The Dow dropped more than 1,000 points — its worst single-day point drop in two years — as the coronavirus epidemic spread beyond China and world leaders warned it could dampen global economic growth.
The Dow Jones industrial average on Monday ended the day down 1,031.40 points, or 3.56 percent, to 27,960.80 as the virus’s death toll climbed above 2,500 in China and spates of fresh cases emerged in countries such as Iran, Italy and South Korea.
The Nasdaq plunged 355.31 points, or 3.71 percent, to 9,221.28. The S&P 500 lost 111.86 points, or 3.35 percent, to 3,225.89.
“A place like Northern Italy is more difficult to contain, and that creates a new set of concerns,” explained Barry Bannister, head of institutional equity strategy for Stifel. “It is easier to contain a virus in China where you can lock down whole states.”
The outbreak, which has already slammed manufacturing and business activity in China, could cause global oil demand to shrink for the first time in a decade, international leaders say.
The International Monetary Fund on Monday warned the Group of 20, a forum of the world’s 20 largest economies, that the coronavirus could cut global growth by 0.1 percentage points, while Goldman Sachs slashed its first quarter GDP estimate by 0.2 points, to 1.2 percent from 1.4 percent.
Investor grew jittery Monday as the death toll in Italy hit seven and reported infections went over 150. The FTSE MIB index in Italy closed down 5.4 percent, while major indices in Paris and Germany each tumbled 3.9 and 4 percent, respectively.
The bond market also signaled that Monday’s panic over stock prices was widespread. Yields on 30-year US Treasury bonds hit a record low of 1.835 percent, indicating high demand for normally safe government bonds.
Gold, meanwhile, opened at a 7-year high of $1,688.46 before falling in the afternoon and then quickly recovering to end the day higher. The sudden midday drop came after a single, non-verified tweet claimed that the Bank for International Settlements, a Swiss-based international financial institution, was authorizing staff to start selling some of its gold, traders told The Post.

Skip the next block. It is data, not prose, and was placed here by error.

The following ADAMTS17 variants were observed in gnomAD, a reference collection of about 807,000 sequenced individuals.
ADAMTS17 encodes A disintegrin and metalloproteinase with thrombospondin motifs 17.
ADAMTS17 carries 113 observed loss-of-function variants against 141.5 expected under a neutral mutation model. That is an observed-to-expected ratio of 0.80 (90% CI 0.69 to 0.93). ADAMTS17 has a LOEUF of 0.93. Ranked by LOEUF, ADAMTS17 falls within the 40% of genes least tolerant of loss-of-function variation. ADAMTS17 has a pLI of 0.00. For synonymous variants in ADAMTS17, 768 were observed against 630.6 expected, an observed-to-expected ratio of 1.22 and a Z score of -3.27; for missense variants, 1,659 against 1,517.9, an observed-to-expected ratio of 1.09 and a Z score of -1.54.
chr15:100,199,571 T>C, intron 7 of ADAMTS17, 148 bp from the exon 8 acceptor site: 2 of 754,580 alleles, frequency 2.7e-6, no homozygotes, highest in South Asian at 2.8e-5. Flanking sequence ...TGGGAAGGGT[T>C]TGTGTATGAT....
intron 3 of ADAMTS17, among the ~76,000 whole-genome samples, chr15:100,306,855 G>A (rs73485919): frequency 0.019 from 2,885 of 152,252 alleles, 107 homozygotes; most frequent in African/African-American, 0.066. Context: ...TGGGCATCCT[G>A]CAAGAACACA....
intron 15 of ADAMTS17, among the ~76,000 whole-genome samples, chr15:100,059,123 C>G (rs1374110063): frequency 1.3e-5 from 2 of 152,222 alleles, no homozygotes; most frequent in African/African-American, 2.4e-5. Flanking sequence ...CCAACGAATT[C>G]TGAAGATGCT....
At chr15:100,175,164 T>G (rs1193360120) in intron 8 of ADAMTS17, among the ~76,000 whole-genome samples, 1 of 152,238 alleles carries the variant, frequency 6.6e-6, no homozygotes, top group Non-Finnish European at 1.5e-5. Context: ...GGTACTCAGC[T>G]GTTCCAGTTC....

Three people trading gold on Monday told The Post that the tweet, posted at 2:25pm EST, was the first and only data point to start the gold sell-off.
Monday’s broad sell-off slammed major US airlines, with American and Delta shares plunging as much as 8.5 percent and 6.3 percent, respectively, as United Airlines fell as much as 3.3 percent.
Tech companies also took a hit — Apple stock dropped 4.8 percent to $298.81 while shares in chipmaker Intel fell 4 percent to $61.76. Tesla, which opened a factory in China last year, plunged 7.5 percent to finish at 833.79 on the day.
The latest selloff could deepen as corporate earnings reports and guidance reflect corporate pain from the outbreak, analysts said.
“The coronavirus might be slowing in mainland China, but the huge jump over the weekend to various other countries has many reassessing 2020 growth estimates,” Ryan Detrick, senior market strategist for LPL Financial, said in a statement.
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